This can be interpreted with a hypothesis that cellulose material has a limited surface available for nanoparticles [41]. Aggregated nanoparticles can be easily removed from the cellulose surfaces by bubble collapse during sonication. Moreover, small particles can penetrate into the material and adhere strongly to it, so using more nanoparticles results in more aggregation through prolonged sonication and results in removing aggregates with nanoparticles. In addition, the loading of nanoparticles relies upon both nanoparticle concentration and sonication time [41].
A good relaxation phenomenon is characterized with high values for the recovery angle. Therefore, this is a crucial parameter for medical textiles since it defines the comfort of the material and its softness in the contact with the skin. Since the modification of the surface of cellulosic materials was performed with the goal of making materials that could be used as medicinal textiles, the maximization of the recovery angle was selected as the goal of optimization. Cellulosic materials that were modified in 26 preliminary experiments were tested for their recovery angles according to the norm EN ISO 22313: 2008. Table 1 shows results that are recalculated as mean values from n = 3 experiments.
The results were used for modeling. The obtained model, describing the process with a good level of precision, is as follows:
“Recovery angle” = 108.92 + 0.34c(GLYMO(mol/dm−3)) − 0.018c(HCl(mol/dm−3)) + 72.28(m/g(ZnO)) + 0.19(Ultrasound power/Hz) − 0.03 (time/min)
To investigate if this model can be used in predicting the response for the investigated parameters and in the optimization of the process of cellulose modification, a comparison of predicted and experimentally obtained values was performed. The results are presented in Table 2.
The optimal parameter values for the modification of cellulose were predicted as 50 mL of GLYMO, m(ZnO) = 0.071 g, 50 mL of the catalyzer, HCl = 0.1 mol/L, and ultrasound 80 kHZ applied for 30.5 min. The predicted values of the parameters were experimentally tested, and the results were compared to predicted values (Table 2). As can be seen from the results, the obtained relative error between calculated and predicted values was very low (0.007–0.670%). Low values of the coefficient of variation (CV%) of the selected model indicate a very good model precision and the very good reliability of the experiments. Therefore, the optimal combination of parameters was used for the preparation of the antibacterial coating prior to the testing of antibacterial strength.

3.3. Antibacterial Strength of the Cellulose Modified with ZnO Nanoparticles

The optimal concentration of ZnO nanoparticles was prepared and zones of inhibition of bacterial growth and MICs were investigated for E. coli and S. aureus. The results shown in Table 3 reveal stronger antibacterial activity against S. aureus compared to E. coli in both performed assays (Z.I. 37 mm vs. 24 mm and MIC 0.03 ppm vs. MIC 0.76 ppm, respectively) [42].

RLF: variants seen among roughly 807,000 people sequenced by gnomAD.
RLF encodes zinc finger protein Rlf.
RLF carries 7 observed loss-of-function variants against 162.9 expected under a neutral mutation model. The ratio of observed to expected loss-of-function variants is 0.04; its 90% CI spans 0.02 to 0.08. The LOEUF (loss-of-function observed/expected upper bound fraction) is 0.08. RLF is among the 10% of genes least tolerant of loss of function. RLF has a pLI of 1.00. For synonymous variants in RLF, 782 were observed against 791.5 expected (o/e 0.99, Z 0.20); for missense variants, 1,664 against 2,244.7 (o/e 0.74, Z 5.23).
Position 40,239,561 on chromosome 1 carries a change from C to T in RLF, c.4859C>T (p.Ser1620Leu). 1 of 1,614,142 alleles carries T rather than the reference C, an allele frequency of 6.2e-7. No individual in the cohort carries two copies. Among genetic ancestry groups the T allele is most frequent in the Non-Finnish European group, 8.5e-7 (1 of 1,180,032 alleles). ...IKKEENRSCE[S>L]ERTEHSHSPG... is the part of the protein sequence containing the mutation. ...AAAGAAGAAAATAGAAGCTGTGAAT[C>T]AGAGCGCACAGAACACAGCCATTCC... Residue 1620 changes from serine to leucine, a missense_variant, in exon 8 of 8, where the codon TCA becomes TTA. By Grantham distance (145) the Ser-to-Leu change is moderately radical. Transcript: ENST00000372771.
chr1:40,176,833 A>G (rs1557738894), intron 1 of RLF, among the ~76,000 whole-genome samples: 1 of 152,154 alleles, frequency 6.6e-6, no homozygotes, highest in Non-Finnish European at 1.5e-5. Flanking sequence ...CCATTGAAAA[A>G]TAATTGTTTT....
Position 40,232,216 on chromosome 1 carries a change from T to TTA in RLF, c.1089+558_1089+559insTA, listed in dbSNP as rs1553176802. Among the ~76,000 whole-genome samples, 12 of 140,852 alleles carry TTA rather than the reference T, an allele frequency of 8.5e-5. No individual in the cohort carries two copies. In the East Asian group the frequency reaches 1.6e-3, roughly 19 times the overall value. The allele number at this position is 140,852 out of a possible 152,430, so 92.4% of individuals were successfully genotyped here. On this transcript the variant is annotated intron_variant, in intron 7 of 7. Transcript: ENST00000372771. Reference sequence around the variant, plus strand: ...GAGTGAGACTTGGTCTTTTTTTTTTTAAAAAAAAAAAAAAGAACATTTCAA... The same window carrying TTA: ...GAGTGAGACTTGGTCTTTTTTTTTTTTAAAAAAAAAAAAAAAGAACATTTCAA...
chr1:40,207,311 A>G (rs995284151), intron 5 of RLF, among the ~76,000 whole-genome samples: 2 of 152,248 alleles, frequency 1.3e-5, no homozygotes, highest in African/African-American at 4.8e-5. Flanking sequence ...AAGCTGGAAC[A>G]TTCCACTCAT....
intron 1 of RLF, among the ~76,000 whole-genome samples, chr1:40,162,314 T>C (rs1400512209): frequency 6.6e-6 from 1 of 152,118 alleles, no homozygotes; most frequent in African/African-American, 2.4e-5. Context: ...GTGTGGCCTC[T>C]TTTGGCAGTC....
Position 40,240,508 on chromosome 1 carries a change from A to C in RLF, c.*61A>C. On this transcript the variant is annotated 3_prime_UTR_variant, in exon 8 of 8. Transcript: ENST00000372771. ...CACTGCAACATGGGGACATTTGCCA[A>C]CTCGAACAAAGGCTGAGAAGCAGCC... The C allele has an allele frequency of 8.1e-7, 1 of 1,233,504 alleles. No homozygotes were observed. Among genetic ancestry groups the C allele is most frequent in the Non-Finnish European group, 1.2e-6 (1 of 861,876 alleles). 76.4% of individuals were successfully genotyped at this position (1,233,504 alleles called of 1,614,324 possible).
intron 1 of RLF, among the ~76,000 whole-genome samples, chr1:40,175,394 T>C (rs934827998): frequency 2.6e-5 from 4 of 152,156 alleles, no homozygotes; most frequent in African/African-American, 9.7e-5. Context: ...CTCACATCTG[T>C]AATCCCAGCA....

In addition, ZnO nanoparticles were tested on two strains of S. aureus—MSSA and MRSA. The low MIC value of 3.28 ± 0.55 ppm for MRSA, alongside the even lower value for the S. aureus ATCC strain (0.03 ± 0.00 ppm), confirmed the potential of ZnO nanoparticles for further examination in antimicrobial coatings.
The coated cellulose materials were examined and the activity of samples with nanosized ZnO particles (100 nm) in combination with significantly smaller nanosized platinum particles (3 nm) are shown in Figure 5 and Figure 6.
As can be seen from Figure 5, the antibacterial effect starts significantly after 6h of exposure to cellulose materials modified with nanoparticles under ultrasonic irradiation compared to controls (untreated cellulose material). Figure 5 and Figure 6 show the results of antimicrobial experiments. All viable bacteria were eliminated after 24 h for all investigated samples.
This is an excellent result, promising further valuable results in future research within this scientific area. The spread of MRSA can be prevented by the use of disposable gloves, capes and masks, but this is not always feasible. Therefore, new materials need to be developed that are active against microorganisms resistant to antibiotics.
In this research, the effect of process parameters was investigated on the structure, morphology and antimicrobial activity of coatings with zinc oxide nanoparticles. The parameters were varied in their process ranges by ultrasonic irradiation power (40 to 90 kHz), the concentration of reagents (nanoparticles, precursor and acids) and time (15 to 72 min).